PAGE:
Saturday, October 15, 2016


Ida; drama, Poland / Denmark / France / UK, 2013; D: Paweł Pawlikowski, S: Agata Trzebuchowska, Agata Kulesza, Joanna Kulig

Poland after World War II. In a convent, Catholic nun Anna is ordered to find her aunt Wanda by her superior. Anna obliges and meets Wanda, who tells her the secret: Anna's real name is Ida, and she is Jewish, her parents being killed during the Totalitarian regime of the Nazis. Anna and Wanda go on a journey to find the grave of Anna's parents. They finally meet Feliks, who admits that he took over the home of Anna's parents during WWII, and killed them, together with Wanda's son, but left Anna for adoption in the convent. He shows them the grave in the forest. Later, Wanda commits suicide by jumping through the window. Anna tries out alcohol, night life and sex, and later on returns dressed as a nun.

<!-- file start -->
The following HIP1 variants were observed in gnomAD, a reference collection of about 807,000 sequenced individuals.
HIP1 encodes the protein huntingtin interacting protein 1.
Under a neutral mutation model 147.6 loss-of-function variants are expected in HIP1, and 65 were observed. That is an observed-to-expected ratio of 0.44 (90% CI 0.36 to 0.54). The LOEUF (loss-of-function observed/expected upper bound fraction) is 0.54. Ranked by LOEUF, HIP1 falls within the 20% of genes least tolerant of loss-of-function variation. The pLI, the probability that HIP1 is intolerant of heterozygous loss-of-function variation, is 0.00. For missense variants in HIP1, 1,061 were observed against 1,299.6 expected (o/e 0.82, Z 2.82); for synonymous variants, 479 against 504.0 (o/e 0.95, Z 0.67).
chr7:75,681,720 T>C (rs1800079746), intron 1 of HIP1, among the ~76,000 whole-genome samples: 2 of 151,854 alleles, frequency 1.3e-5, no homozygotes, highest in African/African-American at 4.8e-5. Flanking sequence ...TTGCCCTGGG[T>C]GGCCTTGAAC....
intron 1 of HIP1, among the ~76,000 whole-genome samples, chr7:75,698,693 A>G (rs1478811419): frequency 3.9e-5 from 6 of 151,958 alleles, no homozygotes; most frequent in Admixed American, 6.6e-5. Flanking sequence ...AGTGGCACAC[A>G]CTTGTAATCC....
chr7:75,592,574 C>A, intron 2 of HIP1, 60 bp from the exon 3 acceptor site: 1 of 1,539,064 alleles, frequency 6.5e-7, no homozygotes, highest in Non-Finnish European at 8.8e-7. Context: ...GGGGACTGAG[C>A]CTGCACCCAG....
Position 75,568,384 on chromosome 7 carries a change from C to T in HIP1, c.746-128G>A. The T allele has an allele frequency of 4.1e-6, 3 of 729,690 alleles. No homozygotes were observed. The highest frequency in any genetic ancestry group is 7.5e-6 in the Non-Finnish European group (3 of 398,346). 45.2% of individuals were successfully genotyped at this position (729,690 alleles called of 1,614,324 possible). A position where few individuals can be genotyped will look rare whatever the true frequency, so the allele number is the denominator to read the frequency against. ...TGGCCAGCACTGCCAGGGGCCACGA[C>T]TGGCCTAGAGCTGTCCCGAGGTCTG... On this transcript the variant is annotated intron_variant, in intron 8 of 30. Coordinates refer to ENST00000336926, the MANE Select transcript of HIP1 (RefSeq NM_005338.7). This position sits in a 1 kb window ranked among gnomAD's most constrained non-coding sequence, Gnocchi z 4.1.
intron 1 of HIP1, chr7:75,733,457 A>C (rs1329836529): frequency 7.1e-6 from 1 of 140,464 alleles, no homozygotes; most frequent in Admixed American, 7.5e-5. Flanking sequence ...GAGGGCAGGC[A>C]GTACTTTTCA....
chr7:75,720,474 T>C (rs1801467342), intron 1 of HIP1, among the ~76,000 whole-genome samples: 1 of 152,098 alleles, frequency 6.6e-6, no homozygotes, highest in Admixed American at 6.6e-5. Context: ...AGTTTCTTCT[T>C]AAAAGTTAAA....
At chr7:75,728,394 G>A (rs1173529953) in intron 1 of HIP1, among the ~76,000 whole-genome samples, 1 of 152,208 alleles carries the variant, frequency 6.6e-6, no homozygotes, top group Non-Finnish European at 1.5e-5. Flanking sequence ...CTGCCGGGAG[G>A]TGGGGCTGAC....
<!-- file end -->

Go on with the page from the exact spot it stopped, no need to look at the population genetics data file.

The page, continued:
Pawel Pawlikowski's 4th feature length film, "Ida" is an ambitious, minimalistic little film about the search for one's own identity and place in the world. Pawlikowski has a fine sense for captivating camera angles, compact storytelling, whereas the mood of old times of the 60s was nicely conjured up thanks to the aesthetic black and white cinematography. However, that cannot camouflage the notion that "Ida" is more suitable as a short film, since its running time of 78 minutes - although condensed - still seems to suffer from scenes of empty walk and overstretched tangles which do no contribute that much to the overall simple storyline. The author reduces the film to its bare bones, to its essence, but some of the elements could have benefited from more ingenuity and "color". For instance, Agata Trzebuchowska plays the nun heroine with a few energetic moves and gestures, and this could have been more exploited by having her do something more alive, more humorous, to truly come across as a real character. Some of that is found near the end, when she tries out alcohol and hanging around in night clubs, yet only in traces. Overall, "Ida" is a quality film, yet suffers from over-relying on social issues (the consequences of the Holocaust) instead of taking more care of the movie language and style, in order to offer a broader spectrum of a viewing experience, more than just a typical European art-drama.


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